In more contemporary pattern news, something I have dearly wanted to happen for ages has come to pass, and Style Arc have started to sell their patterns as e-patterns via Etsy.  I was immediately BESIDE MYSELF with glee because I have wanted their Nina cardigan pattern forever and ever but could not make myself pull the trigger given the price/shipping thing. And now it's for sale electronically, hurrah! Needless to say, I bought it immediately. At the moment they don't have all their patterns up, but given the shop has been up for 10 days and they've made 250 sales already, I am pretty sure it is going to stick around and grow. I feel like a LOT of Style Arc's recent top patterns would make for fantastic e-patterns and I have everything crossed that those will start to go up online. There have been several recently that I've really wanted to buy but couldn't justify paying for the paper version + shipping. I am more than happy to pay the digital prices they are charging right now.



I don't often buy Big 4 because they're expensive here but also exciting to me is that this week (until November 30th) that Leanne Marshall coat that everyone went nuts for is the Simplicity/New Look UK pattern of the week (i.e. for sale for £2.95 instead of £8.15). I jumped on that so fast I almost sprained my mouse finger in my eagerness to click BUY IT NOW. I don't have anything like a suitable fabric for this and I am rather put off by the fact that every review so far is like, "it's fine until you get to the zip and then DDDD:". However, I just love that collar/hood and had to have it.

Technical drawing of My Image S/S 2015


By contrast, something I am not sure at all I have to have is the latest My Image S/S 2015. I saw the announcement on Facebook last night that it was out (or is due to come out very soon and is available to view/pre-order). You can browse the magazine to see the garments, but the technical drawings kind of speak for themselves. For me personally, I feel like this is rather repetitive of previous Spring/Summer issues of My Image, and there's nothing in there that I feel like I have to have. I probably most like M1507 in the magazine images, but I am thoroughly underwhelmed by the technical drawings.

And thus concludes my pattern binge! Or, that concludes it for now at least. /o\

Tuesday, 18 November 2014

I am stuck

This is a Minecraft creeper face
I'm in a sewing slump at the moment, and it's because I'm stuck. I'm kind of sick at the moment (the annoying return of the Medical Mystery Illness, which is, alas, still mysterious over a year later) so I can't really get on with the (easy) gift sewing that I need to finish up before early December. I'm making a Swoon Scarf Neck Cardigan for my sister-in-law (my own purple one being a MAJOR hit with me, as wearer, and also receiving many unsolicited compliments from other people) and backpacks with Minecraft patches for the kids. (They are OBSESSED with Minecraft, so I am making them Creeper backpacks using patches I ordered from the internet.) Neither project is particularly difficult, but I'm a bit movement restricted this week due to illness and so I can't busy myself with those projects while I mull over the thing I am stuck on.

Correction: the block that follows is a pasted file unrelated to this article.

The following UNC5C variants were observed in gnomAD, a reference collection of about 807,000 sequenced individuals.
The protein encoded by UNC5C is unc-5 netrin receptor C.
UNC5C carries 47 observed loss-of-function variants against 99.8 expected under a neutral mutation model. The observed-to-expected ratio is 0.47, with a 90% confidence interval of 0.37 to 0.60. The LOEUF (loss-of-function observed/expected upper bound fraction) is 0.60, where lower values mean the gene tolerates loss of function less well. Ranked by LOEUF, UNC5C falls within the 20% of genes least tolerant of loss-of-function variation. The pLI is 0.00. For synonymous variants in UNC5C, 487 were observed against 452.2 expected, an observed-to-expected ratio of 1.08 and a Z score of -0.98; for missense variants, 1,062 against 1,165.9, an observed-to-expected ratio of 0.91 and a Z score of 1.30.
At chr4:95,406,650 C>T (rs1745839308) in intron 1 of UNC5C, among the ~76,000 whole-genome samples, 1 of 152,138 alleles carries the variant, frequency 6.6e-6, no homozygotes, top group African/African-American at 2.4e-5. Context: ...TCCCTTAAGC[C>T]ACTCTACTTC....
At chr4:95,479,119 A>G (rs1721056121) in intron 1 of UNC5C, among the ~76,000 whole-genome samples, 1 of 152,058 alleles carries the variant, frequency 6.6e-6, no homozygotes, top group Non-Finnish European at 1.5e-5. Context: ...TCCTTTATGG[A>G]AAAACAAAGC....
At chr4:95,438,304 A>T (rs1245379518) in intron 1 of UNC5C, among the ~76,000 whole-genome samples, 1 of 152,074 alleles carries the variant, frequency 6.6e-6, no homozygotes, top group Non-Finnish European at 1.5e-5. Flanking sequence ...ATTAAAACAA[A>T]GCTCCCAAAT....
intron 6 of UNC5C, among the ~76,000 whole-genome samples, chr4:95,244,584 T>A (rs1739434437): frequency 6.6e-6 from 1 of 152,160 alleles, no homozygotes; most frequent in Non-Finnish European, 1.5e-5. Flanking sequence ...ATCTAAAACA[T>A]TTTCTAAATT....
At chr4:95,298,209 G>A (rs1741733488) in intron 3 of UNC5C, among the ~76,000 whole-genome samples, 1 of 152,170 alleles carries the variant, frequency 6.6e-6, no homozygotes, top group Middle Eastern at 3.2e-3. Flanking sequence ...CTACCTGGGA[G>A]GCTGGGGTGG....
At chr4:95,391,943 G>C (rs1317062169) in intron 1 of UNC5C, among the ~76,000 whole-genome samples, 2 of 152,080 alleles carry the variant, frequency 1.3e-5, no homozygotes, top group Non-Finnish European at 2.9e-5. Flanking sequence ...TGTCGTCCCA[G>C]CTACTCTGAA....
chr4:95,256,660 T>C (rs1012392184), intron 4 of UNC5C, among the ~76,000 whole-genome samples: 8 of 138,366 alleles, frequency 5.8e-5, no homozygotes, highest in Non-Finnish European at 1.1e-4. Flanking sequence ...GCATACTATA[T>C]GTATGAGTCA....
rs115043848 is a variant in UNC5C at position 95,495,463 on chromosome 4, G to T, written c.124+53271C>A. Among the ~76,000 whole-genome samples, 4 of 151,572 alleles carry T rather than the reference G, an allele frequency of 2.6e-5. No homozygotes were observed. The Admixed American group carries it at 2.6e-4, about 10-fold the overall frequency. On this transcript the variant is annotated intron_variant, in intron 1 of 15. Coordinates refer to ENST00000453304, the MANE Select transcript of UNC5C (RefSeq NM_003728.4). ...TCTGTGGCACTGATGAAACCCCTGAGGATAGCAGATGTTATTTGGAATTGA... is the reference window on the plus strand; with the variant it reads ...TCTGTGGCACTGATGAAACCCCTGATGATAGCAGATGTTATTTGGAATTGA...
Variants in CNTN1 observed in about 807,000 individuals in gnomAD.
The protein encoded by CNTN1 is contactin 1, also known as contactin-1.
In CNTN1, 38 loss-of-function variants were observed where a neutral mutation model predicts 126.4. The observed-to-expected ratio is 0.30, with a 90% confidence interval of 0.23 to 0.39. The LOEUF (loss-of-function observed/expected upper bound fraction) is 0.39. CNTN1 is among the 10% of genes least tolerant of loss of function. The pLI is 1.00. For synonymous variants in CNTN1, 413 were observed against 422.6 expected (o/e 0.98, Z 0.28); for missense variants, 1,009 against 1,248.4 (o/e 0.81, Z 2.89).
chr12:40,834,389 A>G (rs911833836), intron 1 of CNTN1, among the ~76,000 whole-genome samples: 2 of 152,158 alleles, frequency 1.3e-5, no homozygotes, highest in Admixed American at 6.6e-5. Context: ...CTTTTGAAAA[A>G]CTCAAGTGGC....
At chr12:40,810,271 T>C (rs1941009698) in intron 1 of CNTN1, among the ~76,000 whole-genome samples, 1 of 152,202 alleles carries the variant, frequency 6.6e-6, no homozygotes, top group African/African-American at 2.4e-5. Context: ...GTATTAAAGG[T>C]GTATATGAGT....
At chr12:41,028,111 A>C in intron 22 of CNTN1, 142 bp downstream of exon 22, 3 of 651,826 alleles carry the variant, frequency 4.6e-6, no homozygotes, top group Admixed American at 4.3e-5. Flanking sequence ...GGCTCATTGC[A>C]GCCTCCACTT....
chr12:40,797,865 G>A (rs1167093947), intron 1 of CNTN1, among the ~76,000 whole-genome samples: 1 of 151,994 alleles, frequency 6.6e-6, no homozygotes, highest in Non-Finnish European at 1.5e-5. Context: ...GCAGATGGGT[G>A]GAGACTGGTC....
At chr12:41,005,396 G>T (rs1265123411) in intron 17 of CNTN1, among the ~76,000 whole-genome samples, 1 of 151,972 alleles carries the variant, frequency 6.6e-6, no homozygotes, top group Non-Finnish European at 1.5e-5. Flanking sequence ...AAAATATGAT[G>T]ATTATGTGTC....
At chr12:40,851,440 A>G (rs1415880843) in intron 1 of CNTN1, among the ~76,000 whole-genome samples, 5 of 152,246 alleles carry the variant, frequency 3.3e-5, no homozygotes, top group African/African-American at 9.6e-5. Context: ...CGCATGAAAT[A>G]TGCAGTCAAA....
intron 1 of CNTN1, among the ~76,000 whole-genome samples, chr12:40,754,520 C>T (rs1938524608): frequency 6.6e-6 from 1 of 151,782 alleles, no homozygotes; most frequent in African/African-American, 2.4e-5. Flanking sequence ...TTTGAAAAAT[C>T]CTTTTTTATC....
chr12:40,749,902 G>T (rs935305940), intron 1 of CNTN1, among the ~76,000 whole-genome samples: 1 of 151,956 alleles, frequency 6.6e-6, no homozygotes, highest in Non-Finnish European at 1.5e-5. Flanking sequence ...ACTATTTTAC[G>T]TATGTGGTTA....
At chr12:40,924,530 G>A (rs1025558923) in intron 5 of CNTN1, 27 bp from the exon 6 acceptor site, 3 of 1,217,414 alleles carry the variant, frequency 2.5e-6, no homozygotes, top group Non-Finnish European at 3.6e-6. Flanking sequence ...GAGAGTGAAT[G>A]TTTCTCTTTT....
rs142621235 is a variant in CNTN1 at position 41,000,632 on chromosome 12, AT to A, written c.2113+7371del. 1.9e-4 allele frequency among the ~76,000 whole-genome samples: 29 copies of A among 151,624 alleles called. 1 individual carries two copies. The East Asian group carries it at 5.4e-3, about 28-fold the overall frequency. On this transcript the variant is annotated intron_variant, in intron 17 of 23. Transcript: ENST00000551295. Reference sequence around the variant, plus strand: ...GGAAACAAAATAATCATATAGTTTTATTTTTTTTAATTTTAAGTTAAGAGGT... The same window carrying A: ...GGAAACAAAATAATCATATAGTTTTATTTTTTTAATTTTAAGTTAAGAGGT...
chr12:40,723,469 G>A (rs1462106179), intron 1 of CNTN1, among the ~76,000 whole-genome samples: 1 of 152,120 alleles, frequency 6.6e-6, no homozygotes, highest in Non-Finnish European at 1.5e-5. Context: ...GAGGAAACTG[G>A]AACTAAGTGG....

Part of the problem is that at the moment I only need a very limited wardrobe. I try to be quite strict with myself and keep my wardrobe inside a maximum number of items, and only make things that I need and know I'll wear. At the moment, as I spend most of my time at home, all I really need is stuff to lounge around in, plus jeans and sweaters for when I go out to the shops etc. I am reasonably well supplied with most of the above, especially after making a whole pile of knit tops and trousers suitable for lounging recently. I really don't need to make any of the kinds of things I made through the first half of the year (skirts and dresses for work) or any other more formal wear. Plus, while I do love the two Ottobre 05-2012-07 and the Carme blouses I made and wear them all the time, I really don't need to make any more, even though I have some nice fabrics in stash ear-marked for exactly that.